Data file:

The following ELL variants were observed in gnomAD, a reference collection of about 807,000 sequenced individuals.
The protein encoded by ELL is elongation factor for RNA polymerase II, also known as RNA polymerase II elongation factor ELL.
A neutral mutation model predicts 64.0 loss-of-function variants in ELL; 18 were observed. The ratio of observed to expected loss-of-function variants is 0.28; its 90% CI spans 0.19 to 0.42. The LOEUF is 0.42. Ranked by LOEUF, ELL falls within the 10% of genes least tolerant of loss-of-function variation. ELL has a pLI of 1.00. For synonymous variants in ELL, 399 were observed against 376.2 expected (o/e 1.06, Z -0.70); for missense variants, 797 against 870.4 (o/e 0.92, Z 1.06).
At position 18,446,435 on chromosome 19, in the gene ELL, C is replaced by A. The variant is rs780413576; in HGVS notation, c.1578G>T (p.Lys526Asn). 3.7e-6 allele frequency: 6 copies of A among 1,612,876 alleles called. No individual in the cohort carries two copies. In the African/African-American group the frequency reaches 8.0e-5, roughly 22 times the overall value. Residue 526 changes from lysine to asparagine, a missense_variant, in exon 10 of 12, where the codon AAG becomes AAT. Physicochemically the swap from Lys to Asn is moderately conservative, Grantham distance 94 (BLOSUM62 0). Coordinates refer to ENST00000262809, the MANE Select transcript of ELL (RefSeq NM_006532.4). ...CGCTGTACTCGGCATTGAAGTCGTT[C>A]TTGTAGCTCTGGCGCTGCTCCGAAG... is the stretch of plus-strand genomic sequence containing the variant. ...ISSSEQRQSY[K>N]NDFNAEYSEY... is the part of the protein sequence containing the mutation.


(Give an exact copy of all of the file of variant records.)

The following ELL variants were observed in gnomAD, a reference collection of about 807,000 sequenced individuals.
The protein encoded by ELL is elongation factor for RNA polymerase II, also known as RNA polymerase II elongation factor ELL.
A neutral mutation model predicts 64.0 loss-of-function variants in ELL; 18 were observed. The ratio of observed to expected loss-of-function variants is 0.28; its 90% CI spans 0.19 to 0.42. The LOEUF is 0.42. Ranked by LOEUF, ELL falls within the 10% of genes least tolerant of loss-of-function variation. ELL has a pLI of 1.00. For synonymous variants in ELL, 399 were observed against 376.2 expected (o/e 1.06, Z -0.70); for missense variants, 797 against 870.4 (o/e 0.92, Z 1.06).
At position 18,446,435 on chromosome 19, in the gene ELL, C is replaced by A. The variant is rs780413576; in HGVS notation, c.1578G>T (p.Lys526Asn). 3.7e-6 allele frequency: 6 copies of A among 1,612,876 alleles called. No individual in the cohort carries two copies. In the African/African-American group the frequency reaches 8.0e-5, roughly 22 times the overall value. Residue 526 changes from lysine to asparagine, a missense_variant, in exon 10 of 12, where the codon AAG becomes AAT. Physicochemically the swap from Lys to Asn is moderately conservative, Grantham distance 94 (BLOSUM62 0). Coordinates refer to ENST00000262809, the MANE Select transcript of ELL (RefSeq NM_006532.4). ...CGCTGTACTCGGCATTGAAGTCGTT[C>A]TTGTAGCTCTGGCGCTGCTCCGAAG... is the stretch of plus-strand genomic sequence containing the variant. ...ISSSEQRQSY[K>N]NDFNAEYSEY... is the part of the protein sequence containing the mutation.